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Medium to Large Size Tears 1 to 4 Centimeters

When larger tears are encountered, the option of a simple decompression becomes less compelling. Some authors have described satisfactory early results with this approach only to discover progressive deterioration, especially in the larger tears. Although the possibility of an isolated decompression in a low demand individual with limited goals remains an option, patients with sizeable tears are more likely to benefit from a formal repair of the torn tendon.

The goals and steps outlined for smaller tears is applicable for tears of all sizes. There are, however, several technical “pearls” that can improve the ease of the procedure as well the final result in the larger and more challenging tears. Again, initial accurate identification of the tear configuration is the key step in achieving an anatomic repair.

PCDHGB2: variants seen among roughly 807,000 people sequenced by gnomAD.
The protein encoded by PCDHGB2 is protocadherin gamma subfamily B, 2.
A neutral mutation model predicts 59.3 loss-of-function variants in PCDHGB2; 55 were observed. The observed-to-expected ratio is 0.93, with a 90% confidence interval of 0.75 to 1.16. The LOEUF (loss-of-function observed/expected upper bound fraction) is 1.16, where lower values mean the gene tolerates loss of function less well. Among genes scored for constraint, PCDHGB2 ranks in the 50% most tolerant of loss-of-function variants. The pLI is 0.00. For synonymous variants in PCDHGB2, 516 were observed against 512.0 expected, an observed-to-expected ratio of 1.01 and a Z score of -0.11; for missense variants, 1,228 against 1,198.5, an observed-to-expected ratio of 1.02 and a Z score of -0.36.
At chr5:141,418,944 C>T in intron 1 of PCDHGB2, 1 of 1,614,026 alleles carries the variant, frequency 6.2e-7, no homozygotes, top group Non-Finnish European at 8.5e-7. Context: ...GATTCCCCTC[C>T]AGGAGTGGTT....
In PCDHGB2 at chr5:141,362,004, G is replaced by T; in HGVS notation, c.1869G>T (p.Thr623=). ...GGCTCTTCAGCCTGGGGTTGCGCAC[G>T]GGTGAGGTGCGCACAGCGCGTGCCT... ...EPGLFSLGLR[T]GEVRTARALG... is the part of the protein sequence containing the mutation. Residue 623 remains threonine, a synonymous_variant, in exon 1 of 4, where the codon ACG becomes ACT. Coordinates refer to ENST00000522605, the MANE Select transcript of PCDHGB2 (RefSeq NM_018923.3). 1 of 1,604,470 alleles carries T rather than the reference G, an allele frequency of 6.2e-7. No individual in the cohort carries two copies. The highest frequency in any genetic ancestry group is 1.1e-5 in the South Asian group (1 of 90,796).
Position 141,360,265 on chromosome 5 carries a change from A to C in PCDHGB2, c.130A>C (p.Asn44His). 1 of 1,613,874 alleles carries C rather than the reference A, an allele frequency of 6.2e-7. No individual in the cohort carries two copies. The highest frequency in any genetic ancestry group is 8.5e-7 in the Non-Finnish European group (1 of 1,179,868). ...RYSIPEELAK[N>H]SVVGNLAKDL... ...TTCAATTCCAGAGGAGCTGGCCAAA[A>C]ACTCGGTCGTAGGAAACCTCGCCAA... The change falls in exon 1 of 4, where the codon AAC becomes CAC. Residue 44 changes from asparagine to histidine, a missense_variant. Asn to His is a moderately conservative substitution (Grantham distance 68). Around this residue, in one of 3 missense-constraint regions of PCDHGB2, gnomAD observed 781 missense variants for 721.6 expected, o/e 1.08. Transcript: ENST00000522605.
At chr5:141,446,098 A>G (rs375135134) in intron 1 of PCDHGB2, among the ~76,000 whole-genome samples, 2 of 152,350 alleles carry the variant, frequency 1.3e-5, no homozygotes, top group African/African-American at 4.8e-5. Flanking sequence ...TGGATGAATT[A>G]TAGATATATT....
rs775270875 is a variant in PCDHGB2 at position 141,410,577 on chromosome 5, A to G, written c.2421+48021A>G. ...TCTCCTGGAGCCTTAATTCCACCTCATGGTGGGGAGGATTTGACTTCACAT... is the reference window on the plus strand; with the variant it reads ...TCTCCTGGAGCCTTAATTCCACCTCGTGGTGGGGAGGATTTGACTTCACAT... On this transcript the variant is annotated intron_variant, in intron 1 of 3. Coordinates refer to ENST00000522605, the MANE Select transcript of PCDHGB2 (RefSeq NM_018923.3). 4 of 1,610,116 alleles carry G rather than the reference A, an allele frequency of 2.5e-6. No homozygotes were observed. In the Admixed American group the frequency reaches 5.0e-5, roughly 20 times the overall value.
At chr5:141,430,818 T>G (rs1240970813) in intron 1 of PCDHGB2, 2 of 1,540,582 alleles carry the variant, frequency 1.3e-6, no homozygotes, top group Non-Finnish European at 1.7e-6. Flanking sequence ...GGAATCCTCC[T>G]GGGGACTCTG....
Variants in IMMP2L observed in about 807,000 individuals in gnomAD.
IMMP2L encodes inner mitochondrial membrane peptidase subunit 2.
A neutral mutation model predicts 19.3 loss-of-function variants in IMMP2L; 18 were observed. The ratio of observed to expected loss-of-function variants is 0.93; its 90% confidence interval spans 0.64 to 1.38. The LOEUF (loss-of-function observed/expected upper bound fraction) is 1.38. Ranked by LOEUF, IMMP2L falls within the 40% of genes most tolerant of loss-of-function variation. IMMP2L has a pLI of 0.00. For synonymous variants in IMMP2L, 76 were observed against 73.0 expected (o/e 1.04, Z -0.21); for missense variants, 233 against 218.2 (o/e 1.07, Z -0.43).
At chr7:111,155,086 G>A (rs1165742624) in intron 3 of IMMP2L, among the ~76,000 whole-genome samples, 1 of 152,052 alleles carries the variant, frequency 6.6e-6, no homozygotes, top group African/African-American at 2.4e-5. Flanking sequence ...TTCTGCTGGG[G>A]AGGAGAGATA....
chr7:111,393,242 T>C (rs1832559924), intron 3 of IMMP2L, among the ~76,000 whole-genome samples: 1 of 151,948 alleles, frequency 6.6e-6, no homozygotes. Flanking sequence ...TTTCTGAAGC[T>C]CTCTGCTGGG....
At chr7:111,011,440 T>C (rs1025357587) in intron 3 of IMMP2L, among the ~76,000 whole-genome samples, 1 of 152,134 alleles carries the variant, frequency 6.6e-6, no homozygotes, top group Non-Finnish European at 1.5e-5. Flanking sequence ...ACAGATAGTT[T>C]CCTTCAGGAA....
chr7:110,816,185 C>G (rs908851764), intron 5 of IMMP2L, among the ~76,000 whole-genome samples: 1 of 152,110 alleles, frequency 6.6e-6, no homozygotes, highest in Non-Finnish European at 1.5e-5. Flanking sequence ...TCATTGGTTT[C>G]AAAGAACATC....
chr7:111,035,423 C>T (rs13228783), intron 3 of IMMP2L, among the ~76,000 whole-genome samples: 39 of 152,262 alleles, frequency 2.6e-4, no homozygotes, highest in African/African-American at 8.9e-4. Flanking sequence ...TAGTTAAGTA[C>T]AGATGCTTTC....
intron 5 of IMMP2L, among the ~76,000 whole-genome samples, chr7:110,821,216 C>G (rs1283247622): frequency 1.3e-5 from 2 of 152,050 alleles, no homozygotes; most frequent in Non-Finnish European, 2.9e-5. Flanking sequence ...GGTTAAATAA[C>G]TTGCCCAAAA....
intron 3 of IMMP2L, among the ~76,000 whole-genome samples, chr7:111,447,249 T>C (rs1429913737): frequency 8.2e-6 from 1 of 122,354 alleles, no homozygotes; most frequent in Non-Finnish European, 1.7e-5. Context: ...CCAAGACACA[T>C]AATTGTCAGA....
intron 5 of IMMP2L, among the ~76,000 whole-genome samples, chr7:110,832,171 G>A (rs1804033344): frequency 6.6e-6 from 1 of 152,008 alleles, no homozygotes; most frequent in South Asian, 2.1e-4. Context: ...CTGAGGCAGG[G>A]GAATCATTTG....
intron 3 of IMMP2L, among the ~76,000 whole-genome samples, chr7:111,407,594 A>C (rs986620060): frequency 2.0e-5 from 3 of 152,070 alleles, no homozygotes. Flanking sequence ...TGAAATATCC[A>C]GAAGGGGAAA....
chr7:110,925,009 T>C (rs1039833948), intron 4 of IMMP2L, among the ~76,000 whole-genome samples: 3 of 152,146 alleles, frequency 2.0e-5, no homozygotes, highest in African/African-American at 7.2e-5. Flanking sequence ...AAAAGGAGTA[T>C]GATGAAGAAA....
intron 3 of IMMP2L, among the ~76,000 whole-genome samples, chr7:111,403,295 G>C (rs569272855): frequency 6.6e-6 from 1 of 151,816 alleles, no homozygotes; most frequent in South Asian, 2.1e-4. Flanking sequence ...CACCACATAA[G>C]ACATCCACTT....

In those with a chronic, retracted U-shaped tear, the principle of margin convergence can be used with great effect on the final construct. Converging the free margin of the retracted tear to the greater tuberosity by placing side to side sutures not only facilitates the tendon to bone repair, but also relieves the forces at the repair site as well.

For those chronically retracted L-shaped tears with an anterior extension, an interval release that divides the coracohumeral ligament can be very effective in gaining length and satisfactory mobilization such that an anatomic repair can be performed consisting of a side to side repair followed by tendon to bone. This same approach can be utilized for those L-shaped tears that exhibit a posterior extension with a diagonal retraction pattern.

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